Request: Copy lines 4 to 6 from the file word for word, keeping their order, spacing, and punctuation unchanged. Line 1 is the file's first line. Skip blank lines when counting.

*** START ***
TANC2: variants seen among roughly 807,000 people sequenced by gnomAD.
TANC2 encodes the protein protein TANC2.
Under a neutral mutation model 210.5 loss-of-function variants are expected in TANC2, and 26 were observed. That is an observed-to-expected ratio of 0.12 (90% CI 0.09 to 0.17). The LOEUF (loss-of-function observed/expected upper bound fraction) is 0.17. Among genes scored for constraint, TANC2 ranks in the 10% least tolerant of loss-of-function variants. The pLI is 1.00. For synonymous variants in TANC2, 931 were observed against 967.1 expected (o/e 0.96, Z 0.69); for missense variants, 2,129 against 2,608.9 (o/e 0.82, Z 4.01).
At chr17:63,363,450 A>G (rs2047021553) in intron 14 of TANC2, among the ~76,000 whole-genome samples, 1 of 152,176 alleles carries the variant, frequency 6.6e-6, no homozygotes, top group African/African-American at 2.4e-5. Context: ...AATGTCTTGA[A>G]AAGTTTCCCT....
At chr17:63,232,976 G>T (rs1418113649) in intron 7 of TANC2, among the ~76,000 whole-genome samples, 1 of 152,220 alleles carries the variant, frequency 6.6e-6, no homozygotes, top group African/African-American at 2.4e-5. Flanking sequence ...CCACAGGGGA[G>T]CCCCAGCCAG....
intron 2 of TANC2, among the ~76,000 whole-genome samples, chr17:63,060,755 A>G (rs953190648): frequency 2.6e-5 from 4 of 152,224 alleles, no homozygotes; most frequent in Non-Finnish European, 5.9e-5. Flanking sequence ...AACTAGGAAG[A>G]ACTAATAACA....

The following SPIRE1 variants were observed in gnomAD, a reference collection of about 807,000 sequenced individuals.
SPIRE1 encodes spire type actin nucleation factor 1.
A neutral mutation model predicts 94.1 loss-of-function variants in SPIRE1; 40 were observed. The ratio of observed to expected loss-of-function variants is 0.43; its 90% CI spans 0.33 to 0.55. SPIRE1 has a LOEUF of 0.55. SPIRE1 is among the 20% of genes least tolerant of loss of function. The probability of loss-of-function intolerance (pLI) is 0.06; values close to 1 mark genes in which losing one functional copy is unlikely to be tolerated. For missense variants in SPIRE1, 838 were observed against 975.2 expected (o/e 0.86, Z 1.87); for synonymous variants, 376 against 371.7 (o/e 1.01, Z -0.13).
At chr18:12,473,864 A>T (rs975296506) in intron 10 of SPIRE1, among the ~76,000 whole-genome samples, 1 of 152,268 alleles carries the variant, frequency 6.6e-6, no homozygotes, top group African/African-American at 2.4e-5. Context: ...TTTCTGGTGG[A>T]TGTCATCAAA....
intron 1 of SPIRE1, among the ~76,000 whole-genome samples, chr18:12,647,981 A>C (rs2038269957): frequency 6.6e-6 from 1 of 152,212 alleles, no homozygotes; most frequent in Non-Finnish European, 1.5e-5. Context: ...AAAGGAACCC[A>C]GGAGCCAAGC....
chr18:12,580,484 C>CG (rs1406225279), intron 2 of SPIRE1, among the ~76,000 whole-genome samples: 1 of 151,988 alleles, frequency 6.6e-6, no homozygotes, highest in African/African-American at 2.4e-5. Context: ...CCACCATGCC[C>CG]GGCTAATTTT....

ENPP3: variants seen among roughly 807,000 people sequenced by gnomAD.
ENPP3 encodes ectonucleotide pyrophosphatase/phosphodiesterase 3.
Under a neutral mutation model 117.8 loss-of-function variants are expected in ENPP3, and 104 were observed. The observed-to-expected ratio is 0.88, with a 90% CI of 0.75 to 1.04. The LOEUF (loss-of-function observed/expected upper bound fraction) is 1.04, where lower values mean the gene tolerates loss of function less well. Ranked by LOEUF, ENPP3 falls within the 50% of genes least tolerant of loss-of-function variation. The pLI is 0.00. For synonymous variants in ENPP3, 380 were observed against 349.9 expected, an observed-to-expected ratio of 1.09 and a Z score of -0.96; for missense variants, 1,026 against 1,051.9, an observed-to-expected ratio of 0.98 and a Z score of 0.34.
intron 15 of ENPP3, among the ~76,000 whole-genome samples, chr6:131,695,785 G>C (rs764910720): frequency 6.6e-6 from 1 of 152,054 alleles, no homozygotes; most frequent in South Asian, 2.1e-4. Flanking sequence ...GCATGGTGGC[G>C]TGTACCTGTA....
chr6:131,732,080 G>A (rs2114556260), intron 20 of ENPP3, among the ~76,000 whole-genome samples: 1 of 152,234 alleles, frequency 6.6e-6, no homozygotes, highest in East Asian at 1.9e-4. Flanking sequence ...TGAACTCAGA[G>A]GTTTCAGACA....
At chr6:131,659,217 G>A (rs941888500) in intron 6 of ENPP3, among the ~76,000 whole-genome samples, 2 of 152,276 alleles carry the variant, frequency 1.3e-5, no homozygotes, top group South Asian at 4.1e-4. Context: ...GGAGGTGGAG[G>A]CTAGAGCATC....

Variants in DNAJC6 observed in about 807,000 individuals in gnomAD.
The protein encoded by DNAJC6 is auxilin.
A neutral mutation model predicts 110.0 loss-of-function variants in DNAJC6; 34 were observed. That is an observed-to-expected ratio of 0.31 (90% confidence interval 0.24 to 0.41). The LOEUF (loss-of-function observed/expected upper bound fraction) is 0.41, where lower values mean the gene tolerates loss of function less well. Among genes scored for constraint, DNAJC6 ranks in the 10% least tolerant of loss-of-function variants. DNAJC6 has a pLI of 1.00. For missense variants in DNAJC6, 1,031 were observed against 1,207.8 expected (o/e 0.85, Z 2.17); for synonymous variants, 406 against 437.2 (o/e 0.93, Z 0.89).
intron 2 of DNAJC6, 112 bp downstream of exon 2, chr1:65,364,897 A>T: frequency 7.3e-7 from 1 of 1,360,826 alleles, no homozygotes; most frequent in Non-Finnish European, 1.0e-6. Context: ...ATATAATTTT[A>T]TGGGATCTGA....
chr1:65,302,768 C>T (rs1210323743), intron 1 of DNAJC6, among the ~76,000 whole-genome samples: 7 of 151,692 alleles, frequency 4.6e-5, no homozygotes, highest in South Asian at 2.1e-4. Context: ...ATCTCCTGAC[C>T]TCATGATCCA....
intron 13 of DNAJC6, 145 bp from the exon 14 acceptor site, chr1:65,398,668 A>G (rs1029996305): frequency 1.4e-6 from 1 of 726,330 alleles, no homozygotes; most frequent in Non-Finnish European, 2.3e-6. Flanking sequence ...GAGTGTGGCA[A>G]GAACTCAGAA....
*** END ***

At chr17:63,363,450 A>G (rs2047021553) in intron 14 of TANC2, among the ~76,000 whole-genome samples, 1 of 152,176 alleles carries the variant, frequency 6.6e-6, no homozygotes, top group African/African-American at 2.4e-5. Context: ...AATGTCTTGA[A>G]AAGTTTCCCT....
At chr17:63,232,976 G>T (rs1418113649) in intron 7 of TANC2, among the ~76,000 whole-genome samples, 1 of 152,220 alleles carries the variant, frequency 6.6e-6, no homozygotes, top group African/African-American at 2.4e-5. Flanking sequence ...CCACAGGGGA[G>T]CCCCAGCCAG....
intron 2 of TANC2, among the ~76,000 whole-genome samples, chr17:63,060,755 A>G (rs953190648): frequency 2.6e-5 from 4 of 152,224 alleles, no homozygotes; most frequent in Non-Finnish European, 5.9e-5. Flanking sequence ...AACTAGGAAG[A>G]ACTAATAACA....